"The Period between the late 60s and early 70s was incredible, but sometimes we forget, that these days we also have a lot of great and interesting music, but the problem is, that back in the 70s you had amazing bands like Led Zeppelin on top of the charts, cos »Rock« music was the most popular one and you had thousands of bands, that never had the chance for exposure until now, I guess. These days the culture changed and »Rock« became kind of underground, which can produce quite a lot of amazing bands.

The main reason for such an explosion of sounds came from various of reasons. One of them were for sure Vietnam war and consequently all the protests and resistance by students also in France, Germany…

Then a lot of new music gear emerged and that gave an opportunity to produce new, interesting sounds…

People got tired and they wanted to start something new and in a way they managed to create something very unique.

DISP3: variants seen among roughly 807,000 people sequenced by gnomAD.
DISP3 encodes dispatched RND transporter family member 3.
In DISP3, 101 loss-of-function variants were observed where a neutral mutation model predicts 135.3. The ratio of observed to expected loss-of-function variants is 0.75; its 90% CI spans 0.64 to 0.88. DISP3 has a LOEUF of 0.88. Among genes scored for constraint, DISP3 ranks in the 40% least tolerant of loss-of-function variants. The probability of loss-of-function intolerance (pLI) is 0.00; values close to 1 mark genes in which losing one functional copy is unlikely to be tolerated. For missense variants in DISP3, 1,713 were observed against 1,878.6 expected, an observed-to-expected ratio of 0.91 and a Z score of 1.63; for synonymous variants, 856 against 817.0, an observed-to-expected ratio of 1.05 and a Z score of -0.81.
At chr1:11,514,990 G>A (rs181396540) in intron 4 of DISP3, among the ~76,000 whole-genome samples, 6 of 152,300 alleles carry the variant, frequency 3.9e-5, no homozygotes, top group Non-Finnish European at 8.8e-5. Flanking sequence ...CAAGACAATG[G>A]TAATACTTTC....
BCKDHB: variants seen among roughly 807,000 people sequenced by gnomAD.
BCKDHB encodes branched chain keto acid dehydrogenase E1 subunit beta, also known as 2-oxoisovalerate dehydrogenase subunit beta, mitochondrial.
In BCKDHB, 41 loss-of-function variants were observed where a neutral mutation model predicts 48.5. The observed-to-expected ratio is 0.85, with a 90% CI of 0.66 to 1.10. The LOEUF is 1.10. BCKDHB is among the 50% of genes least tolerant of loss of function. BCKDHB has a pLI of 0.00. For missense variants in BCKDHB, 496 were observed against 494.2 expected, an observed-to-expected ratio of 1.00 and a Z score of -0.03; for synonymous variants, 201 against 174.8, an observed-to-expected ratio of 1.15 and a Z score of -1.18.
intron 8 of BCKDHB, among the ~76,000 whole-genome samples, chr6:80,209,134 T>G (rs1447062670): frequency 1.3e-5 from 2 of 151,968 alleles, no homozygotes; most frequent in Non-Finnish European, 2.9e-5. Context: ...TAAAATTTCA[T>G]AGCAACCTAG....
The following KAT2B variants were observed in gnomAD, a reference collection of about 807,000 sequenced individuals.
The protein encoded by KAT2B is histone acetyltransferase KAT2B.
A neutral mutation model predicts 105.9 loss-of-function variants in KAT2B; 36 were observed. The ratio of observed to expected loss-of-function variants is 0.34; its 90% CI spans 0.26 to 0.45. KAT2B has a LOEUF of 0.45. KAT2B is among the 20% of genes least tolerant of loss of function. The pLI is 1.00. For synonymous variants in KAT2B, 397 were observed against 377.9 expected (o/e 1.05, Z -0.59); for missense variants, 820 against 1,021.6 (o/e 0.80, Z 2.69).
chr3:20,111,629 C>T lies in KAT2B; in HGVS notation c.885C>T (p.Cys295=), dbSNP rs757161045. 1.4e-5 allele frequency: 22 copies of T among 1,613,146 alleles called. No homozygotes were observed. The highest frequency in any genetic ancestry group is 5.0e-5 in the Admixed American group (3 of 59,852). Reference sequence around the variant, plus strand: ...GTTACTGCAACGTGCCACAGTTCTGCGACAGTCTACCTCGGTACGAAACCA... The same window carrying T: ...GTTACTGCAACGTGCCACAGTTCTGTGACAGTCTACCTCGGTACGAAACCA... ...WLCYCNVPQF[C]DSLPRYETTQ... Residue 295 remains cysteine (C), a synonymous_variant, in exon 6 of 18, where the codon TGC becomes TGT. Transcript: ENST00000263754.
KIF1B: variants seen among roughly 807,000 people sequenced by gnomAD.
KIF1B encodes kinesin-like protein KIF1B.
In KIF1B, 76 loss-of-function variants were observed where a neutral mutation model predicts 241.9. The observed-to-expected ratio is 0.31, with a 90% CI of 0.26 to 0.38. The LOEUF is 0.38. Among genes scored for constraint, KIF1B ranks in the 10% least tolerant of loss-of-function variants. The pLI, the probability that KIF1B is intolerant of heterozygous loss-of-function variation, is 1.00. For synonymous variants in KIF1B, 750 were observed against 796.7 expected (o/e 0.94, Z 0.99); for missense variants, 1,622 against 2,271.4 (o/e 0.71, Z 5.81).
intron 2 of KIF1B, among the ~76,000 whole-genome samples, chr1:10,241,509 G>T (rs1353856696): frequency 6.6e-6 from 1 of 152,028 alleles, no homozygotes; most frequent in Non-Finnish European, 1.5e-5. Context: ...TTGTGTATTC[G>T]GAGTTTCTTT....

Other periods? Maybe hardcore punk scene is interesting, cos of sociological background and these days I'm surprised how big the scene for psychedelic, doom and all kind of other alternative stuff has become, thanks to internet, which can connect people like never before."

Q05. How are the featured artists chosen for your magazine? Are they voluntary submissions from your writers or do you delegate the writing jobs after deciding what you would like to appear?

"I trust my writers' taste in music. If they found something interesting, they will start working on it, but most of the time we get submissions from labels and bands, that would like us to hear their music and out of that we decide what we will cover. Sometimes it can be really hard, cos of so many artists…